updated 11/30/2004 8:39:33 PM ET 2004-12-01T01:39:33

Engineers at Hewlett-Packard Co. are working on "virus-throttling" software that they say could slow the spread of Internet-borne viruses and worms.

Researchers for the Palo Alto, Calif.-based computer giant said Tuesday that the new software wouldn't destroy threats such as the "Blaster" worm, which crippled more than a million computers last summer.

But the software -- tentatively named Virus Throttler -- would blunt the sting of viruses by identifying and alerting technicians to suspicious behavior, HP says. If the patented software suspects that a computer has become infected with a so-called "self-propagating" worm, it severely limits some of the computer's functions.

"Any worm or virus that depends on its ability to spread itself will be hurt by this technology," said HP chief technology officer Tony Redmond.

HP plans to begin selling the software to corporate customers next year, but it hasn't released prices. It has not yet tested it on PCs. Redmond wouldn't speculate on when, if ever, the software would be sold to individuals.

The software is already installed on 50 HP servers, and it has slowed down intentionally introduced viruses -- without slowing down overall performance, HP says.

No one outside HP has tested the software yet.

But Alan Paller, director of research Bethesda, Md.-based SANS Institute, said the overall idea "makes sense."

He agreed with the overall philosophy of HP security engineers: They'll never be able to wipe out viruses so they should focus on minimizing the pain they cause.

"It's an arms race, not a simple war," Paller said. "I've been hearing people talk about the notion of throttling for a long time, and it's a spectacular idea if HP can get it to work."

If Virus Throttler had been installed during the January 2003 "Slammer" worm, Redmond said, it could have prevented millions of dollars in lost productivity and damages.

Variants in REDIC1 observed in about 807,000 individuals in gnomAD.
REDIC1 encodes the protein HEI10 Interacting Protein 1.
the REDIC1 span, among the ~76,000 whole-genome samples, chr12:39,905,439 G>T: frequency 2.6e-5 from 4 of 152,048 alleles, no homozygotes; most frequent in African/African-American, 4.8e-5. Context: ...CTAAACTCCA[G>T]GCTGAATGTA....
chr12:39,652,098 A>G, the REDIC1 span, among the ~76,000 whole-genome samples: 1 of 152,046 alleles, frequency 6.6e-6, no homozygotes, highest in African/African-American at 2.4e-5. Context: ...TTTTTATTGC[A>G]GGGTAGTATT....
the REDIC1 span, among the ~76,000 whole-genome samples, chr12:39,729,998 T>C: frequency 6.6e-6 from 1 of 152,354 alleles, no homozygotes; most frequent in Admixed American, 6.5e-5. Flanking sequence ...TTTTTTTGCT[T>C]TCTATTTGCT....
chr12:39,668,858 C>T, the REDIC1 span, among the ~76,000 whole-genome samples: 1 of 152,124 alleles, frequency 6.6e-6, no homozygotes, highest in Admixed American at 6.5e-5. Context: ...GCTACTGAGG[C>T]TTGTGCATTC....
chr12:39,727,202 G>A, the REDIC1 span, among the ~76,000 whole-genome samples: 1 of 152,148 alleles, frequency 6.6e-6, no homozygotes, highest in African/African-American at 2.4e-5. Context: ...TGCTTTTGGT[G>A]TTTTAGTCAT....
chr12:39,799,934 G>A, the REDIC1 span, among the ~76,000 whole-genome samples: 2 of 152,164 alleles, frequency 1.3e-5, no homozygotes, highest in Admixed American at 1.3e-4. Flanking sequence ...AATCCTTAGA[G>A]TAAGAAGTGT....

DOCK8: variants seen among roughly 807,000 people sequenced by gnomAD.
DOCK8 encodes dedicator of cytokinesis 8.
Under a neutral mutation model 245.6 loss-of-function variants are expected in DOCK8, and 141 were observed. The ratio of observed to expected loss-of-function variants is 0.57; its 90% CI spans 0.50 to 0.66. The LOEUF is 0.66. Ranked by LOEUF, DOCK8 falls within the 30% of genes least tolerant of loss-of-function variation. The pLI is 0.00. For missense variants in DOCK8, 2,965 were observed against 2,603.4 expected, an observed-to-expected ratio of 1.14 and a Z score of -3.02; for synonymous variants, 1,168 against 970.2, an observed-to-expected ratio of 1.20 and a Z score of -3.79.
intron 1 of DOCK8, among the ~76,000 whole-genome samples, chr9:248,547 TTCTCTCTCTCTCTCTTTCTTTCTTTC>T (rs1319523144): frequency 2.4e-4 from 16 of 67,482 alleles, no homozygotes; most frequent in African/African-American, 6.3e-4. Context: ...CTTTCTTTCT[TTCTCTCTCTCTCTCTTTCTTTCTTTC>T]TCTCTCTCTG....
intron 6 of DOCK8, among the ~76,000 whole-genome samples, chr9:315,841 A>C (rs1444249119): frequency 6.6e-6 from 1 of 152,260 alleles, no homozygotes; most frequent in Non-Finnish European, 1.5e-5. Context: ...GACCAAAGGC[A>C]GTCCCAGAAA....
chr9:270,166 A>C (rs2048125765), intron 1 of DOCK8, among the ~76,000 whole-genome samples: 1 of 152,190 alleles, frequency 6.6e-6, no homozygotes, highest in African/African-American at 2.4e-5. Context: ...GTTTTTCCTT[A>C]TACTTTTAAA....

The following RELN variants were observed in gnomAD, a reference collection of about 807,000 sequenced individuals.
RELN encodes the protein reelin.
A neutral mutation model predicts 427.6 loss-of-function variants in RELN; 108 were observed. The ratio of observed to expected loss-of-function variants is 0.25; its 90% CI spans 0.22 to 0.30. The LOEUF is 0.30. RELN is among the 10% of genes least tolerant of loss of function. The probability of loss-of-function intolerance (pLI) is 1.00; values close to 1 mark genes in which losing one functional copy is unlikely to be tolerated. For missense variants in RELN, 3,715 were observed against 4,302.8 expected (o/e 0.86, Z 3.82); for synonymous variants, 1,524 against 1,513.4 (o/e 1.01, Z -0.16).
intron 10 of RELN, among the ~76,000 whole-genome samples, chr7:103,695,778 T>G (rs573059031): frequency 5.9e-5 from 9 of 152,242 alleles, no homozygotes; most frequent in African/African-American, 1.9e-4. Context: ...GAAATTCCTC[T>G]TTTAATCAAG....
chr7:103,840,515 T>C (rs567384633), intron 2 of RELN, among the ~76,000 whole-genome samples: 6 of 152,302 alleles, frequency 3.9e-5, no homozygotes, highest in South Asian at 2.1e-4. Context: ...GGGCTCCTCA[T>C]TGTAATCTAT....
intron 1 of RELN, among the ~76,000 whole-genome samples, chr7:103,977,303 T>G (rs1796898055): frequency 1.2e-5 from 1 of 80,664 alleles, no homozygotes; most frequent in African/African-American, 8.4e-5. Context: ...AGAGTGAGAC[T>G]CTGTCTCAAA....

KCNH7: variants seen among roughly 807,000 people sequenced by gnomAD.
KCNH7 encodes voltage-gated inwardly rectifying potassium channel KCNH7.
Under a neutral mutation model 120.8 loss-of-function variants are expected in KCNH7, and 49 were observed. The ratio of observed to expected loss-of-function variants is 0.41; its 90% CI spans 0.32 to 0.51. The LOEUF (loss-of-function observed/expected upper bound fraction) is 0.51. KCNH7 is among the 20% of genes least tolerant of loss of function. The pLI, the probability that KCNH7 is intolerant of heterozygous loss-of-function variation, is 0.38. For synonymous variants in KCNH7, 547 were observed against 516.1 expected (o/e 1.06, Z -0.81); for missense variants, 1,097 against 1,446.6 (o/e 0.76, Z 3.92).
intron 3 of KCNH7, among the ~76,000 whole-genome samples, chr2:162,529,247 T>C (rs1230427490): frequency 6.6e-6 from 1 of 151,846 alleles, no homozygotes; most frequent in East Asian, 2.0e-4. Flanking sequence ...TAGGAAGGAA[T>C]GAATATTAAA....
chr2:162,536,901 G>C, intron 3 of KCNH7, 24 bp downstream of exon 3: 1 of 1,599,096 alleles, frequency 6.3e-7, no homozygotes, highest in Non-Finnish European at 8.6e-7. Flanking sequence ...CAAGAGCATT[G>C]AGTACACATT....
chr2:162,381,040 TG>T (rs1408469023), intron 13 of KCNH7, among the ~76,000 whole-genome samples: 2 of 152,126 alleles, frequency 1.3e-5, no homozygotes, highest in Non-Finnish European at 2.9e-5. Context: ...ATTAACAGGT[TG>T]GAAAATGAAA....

Slammer spread by sending out thousands of probes per second and saturating Internet data pipelines. Unlike most viruses and worms that preceded it, such as the May 2000 "Love Bug," Slammer spread directly through network connections and did not need e-mail as a carrier.

Virus Throttler would have suppressed the computer's ability to make so many network connections, Redmond said. Instead of allowing 1,000 or more network connections per second, the software would have prohibited computers from connecting to more than 50 networks per minute.

Redmond emphasized that the software can't kill viruses. He likened it to powerful medicine that minimizes the worst symptoms of a cold or flu -- without eradicating the virus causing the illness.

"We've put the virus back into a box, but the network administrator eventually has to go back and shoot the virus and put it out of its misery," Redmond said.

Copyright 2004 The Associated Press. All rights reserved. This material may not be published, broadcast, rewritten or redistributed.

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